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Saks Fifth Avenue Exposed Personal Info On Tens Of Thousands Of Customers

Email addresses, phone numbers and product codes were made available on publicly accessible pages.

A shopper exits Saks Fifth Avenue in New York.
Scott Eells | Bloomberg | Getty Images
A shopper exits Saks Fifth Avenue in New York.

The personal information of tens of thousands of customers of Saks Fifth Avenue has been publicly available in plain text online, BuzzFeed News has learned.

The online shopping site for the brand is maintained by the digital division of its owner, the Canada-based Hudson's Bay Company. Until recently, unencrypted, publicly accessible web pages on the site contained tens of thousands of records for customers who signed up for wait lists to buy products.

The records included email addresses and product codes for the items customers expressed interest in buying; some also contained phone numbers. Each record also included a date and time, and one of a handful of recurring IP addresses.

The pages, which were reviewed by BuzzFeed News in recent days, were taken offline after HBC was contacted for comment on this story. The Saks website also serves logged in customers some pages over unencrypted connections, leaving online shoppers' information vulnerable to hackers while they browse the site on an open Wifi network.

"This is as bad as security gets," said Robert Graham, a cybersecurity expert and owner of Errata Security, to BuzzFeed News. "Everyone is vulnerable."

"We take this matter seriously," a Hudson Bay Company spokesperson told BuzzFeed News. "We want to reassure our customers that no credit, payment, or password information was ever exposed. The security of our customers is of utmost priority and we are moving quickly and aggressively to resolve the situation, which is limited to a low single-digit percentage of email addresses. We have resolved any issue related to customer phone numbers, which was an even smaller percent."

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"We take this matter seriously," a Hudson Bay Company spokesperson told BuzzFeed News. "We want to reassure our customers that no credit, payment, or password information was ever exposed. The security of our customers is of utmost priority and we are moving quickly and aggressively to resolve the situation, which is limited to a low single-digit percentage of email addresses. We have resolved any issue related to customer phone numbers, which was an even smaller percent."

Here's a redacted screenshot of the kind of information that was publicly available:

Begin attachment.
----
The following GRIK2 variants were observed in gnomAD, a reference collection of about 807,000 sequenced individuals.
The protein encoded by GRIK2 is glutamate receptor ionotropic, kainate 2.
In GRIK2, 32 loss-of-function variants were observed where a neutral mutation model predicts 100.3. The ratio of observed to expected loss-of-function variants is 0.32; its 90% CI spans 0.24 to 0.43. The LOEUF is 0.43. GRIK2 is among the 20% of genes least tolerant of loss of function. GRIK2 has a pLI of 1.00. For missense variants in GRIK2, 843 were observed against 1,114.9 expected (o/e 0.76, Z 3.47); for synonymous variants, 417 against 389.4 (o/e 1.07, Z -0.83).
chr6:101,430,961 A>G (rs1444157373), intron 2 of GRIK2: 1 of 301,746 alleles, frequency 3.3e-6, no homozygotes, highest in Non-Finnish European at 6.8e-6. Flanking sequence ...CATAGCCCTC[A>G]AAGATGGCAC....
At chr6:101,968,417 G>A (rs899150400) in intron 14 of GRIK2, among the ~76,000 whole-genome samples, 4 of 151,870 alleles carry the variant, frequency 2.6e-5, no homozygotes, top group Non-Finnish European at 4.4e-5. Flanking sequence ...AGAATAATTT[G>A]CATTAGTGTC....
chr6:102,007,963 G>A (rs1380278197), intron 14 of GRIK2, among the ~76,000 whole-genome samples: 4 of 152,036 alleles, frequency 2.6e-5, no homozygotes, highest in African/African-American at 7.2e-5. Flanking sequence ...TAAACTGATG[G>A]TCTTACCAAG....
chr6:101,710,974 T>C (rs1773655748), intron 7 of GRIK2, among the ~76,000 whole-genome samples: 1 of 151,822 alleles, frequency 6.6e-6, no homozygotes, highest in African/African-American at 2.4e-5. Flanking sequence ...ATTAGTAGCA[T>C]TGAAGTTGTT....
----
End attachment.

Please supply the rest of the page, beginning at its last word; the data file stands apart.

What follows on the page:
It is unclear why the information was publicly available online. But a Hudson Bay Company spokesperson told BuzzFeed News it has "teams dedicated to the security of our customers' data and follow industry best practices for information security."

The Canadian retailer is the oldest continually operating business in North America, with roots dating back to a fur trader founded in 1670. The company is currently on the hunt for a major new U.S. department store acquisition, and has been in takeover talks with both Neiman Marcus and Macy's, the New York Times reported last week.

One publicly-accessible page viewed by BuzzFeed News included a number of Gmail, AOL and Hotmail addresses, along with work email accounts from JPMorgan, Charter Communications and government addresses. These were often paired with phone numbers left by the customer.

Graham, the cybersecurity professional who reviewed some of the vulnerabilities after being contacted by BuzzFeed News, said they could expose people to further security headaches.

"Where there's smoke, there's fire," he said. "There is probably a way to get password information, but you would have to search further."

The online shopping sites also use a mix of secure and non-secure pages, which can pose another vulnerability to shoppers.

On Saks Fifth Avenue's homepage, a small notification appears in the website bar warning users that the connection is not secure. Even when a shopper is logged into their account, a number of the site's other pages do not require secure browsing, which a user can verify when "https" appears ahead of the URL.

Graham said that this mix of secure and non-secure pages can leave a shopper vulnerable when browsing on an open WiFi network, as are commonly found in coffee shops and other public places.

A hacker using the same wireless network as a Saks online shopper could eavesdrop on their connection in some circumstances, intercepting data that could allow them to login to the system as the customer in the future, making purchases and grabbing personal information.

"The solution is for every webpage to be encrypted, not just the login," said Graham. "They should all be https links."

UPDATE

This article was updated with more information on the data that was made publicly accessible, and the IP address details included in each record. Mar. 20, 2017, at 12:48 a.m.

CORRECTION: Personal information for Saks Fifth Avenue customers was made publicly available. An earlier version of this article said the issue also affected Gilt and Lord & Taylor, two other companies also owned by the Hudson's Bay Company.